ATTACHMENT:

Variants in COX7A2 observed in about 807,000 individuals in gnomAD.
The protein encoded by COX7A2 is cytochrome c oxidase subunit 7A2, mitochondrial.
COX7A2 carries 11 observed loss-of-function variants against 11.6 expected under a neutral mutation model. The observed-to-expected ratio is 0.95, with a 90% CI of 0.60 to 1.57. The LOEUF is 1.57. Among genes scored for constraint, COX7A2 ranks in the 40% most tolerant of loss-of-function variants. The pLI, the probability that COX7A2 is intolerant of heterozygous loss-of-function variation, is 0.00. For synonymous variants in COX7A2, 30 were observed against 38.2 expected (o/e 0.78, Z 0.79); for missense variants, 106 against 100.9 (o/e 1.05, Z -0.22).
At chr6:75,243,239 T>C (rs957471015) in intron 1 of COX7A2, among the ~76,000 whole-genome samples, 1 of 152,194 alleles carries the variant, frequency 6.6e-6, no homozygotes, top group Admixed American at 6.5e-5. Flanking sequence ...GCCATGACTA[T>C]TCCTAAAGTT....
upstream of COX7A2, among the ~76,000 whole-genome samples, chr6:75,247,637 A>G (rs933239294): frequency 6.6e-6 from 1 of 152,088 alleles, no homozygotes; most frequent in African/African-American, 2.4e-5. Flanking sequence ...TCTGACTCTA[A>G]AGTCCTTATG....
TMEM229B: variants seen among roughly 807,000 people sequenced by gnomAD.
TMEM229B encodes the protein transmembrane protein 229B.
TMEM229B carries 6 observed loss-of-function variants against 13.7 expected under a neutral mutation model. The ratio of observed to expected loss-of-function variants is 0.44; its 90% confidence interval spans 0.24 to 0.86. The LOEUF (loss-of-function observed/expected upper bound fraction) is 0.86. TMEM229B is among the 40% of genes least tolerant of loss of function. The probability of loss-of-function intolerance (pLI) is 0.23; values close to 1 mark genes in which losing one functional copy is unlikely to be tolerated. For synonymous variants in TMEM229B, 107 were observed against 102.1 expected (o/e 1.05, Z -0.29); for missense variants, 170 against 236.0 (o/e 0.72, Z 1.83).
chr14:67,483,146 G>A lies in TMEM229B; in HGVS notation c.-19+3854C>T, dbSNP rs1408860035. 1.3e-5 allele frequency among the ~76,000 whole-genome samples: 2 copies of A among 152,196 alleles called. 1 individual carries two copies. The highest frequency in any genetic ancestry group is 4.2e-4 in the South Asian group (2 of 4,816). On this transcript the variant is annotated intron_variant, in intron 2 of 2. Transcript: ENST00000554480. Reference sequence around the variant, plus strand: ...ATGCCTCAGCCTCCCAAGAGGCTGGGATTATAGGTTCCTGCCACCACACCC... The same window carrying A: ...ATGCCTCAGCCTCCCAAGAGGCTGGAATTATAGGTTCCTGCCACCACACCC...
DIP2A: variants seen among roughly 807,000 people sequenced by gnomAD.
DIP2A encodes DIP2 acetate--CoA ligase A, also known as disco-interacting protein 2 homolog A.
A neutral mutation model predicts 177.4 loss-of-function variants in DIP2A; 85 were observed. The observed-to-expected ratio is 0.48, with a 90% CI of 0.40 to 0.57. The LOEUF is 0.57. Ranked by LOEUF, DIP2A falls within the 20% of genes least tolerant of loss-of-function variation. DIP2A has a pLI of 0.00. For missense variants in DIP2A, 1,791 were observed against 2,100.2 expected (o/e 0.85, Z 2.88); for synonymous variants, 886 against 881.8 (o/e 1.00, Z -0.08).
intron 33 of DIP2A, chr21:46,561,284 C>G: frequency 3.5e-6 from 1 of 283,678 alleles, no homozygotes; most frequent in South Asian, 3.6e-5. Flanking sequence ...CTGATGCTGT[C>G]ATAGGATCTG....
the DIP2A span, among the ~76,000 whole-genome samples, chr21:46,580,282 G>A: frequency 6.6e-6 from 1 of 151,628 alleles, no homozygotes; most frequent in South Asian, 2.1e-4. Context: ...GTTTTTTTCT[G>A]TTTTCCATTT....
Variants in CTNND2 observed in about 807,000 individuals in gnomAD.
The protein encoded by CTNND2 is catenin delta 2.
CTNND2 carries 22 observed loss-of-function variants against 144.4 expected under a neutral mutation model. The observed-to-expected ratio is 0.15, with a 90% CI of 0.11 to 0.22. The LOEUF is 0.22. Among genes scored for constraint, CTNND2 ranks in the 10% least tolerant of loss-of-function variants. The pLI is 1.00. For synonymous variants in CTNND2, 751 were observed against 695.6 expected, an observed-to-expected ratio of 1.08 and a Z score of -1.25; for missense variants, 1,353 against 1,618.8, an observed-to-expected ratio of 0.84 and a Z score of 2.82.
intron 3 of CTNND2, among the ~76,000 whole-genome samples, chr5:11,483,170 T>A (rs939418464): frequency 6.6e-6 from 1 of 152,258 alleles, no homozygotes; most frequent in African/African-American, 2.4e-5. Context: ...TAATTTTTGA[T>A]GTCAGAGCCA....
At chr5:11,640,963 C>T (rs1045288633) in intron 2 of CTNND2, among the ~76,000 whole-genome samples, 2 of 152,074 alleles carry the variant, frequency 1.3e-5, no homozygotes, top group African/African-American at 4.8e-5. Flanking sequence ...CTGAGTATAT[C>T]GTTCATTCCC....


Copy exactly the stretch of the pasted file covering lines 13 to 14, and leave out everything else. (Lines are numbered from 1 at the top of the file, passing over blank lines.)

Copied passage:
intron 33 of DIP2A, chr21:46,561,284 C>G: frequency 3.5e-6 from 1 of 283,678 alleles, no homozygotes; most frequent in South Asian, 3.6e-5. Flanking sequence ...CTGATGCTGT[C>G]ATAGGATCTG....
the DIP2A span, among the ~76,000 whole-genome samples, chr21:46,580,282 G>A: frequency 6.6e-6 from 1 of 151,628 alleles, no homozygotes; most frequent in South Asian, 2.1e-4. Context: ...GTTTTTTTCT[G>A]TTTTCCATTT....